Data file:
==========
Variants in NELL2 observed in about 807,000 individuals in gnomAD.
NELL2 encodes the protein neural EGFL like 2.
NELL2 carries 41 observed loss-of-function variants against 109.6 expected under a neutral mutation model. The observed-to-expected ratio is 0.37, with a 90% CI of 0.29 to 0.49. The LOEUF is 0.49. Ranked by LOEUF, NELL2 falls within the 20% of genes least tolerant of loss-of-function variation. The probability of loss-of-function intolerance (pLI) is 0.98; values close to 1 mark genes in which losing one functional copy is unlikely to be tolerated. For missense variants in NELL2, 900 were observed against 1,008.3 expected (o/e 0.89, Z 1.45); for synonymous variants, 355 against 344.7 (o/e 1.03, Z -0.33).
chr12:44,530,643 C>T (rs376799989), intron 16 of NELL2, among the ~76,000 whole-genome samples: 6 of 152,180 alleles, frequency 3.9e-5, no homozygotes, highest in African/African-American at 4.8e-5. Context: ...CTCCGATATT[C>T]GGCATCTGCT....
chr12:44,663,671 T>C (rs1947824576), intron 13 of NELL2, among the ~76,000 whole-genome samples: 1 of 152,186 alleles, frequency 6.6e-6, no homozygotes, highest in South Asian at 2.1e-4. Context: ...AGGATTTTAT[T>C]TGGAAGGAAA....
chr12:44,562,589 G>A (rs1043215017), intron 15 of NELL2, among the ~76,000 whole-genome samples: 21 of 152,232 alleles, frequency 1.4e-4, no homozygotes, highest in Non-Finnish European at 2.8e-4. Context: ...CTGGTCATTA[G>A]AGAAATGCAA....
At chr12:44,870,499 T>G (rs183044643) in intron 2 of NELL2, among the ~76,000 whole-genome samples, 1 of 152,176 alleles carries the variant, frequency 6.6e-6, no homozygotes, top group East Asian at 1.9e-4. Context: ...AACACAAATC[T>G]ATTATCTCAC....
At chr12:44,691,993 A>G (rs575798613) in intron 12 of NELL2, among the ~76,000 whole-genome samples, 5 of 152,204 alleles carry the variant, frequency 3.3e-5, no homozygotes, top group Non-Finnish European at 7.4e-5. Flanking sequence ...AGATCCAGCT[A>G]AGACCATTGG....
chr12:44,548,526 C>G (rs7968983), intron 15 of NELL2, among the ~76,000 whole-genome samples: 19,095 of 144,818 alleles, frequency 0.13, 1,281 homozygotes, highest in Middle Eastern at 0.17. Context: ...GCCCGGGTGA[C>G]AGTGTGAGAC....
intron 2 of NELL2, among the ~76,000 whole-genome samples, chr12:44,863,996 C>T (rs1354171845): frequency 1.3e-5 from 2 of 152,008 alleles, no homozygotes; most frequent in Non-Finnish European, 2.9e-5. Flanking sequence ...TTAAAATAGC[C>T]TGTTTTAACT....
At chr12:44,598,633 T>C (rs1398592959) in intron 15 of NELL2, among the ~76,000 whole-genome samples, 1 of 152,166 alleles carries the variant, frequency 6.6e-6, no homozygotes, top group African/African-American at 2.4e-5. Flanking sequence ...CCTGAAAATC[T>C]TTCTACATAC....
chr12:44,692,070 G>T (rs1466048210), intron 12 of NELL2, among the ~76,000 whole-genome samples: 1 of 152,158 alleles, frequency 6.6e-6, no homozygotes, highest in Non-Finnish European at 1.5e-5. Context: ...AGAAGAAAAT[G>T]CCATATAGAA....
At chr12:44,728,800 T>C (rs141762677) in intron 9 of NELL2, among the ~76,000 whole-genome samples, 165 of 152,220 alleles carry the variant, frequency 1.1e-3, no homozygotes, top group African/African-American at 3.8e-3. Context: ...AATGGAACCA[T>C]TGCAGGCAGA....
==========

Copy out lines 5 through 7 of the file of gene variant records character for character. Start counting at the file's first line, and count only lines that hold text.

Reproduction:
chr12:44,663,671 T>C (rs1947824576), intron 13 of NELL2, among the ~76,000 whole-genome samples: 1 of 152,186 alleles, frequency 6.6e-6, no homozygotes, highest in South Asian at 2.1e-4. Context: ...AGGATTTTAT[T>C]TGGAAGGAAA....
chr12:44,562,589 G>A (rs1043215017), intron 15 of NELL2, among the ~76,000 whole-genome samples: 21 of 152,232 alleles, frequency 1.4e-4, no homozygotes, highest in Non-Finnish European at 2.8e-4. Context: ...CTGGTCATTA[G>A]AGAAATGCAA....
At chr12:44,870,499 T>G (rs183044643) in intron 2 of NELL2, among the ~76,000 whole-genome samples, 1 of 152,176 alleles carries the variant, frequency 6.6e-6, no homozygotes, top group East Asian at 1.9e-4. Context: ...AACACAAATC[T>G]ATTATCTCAC....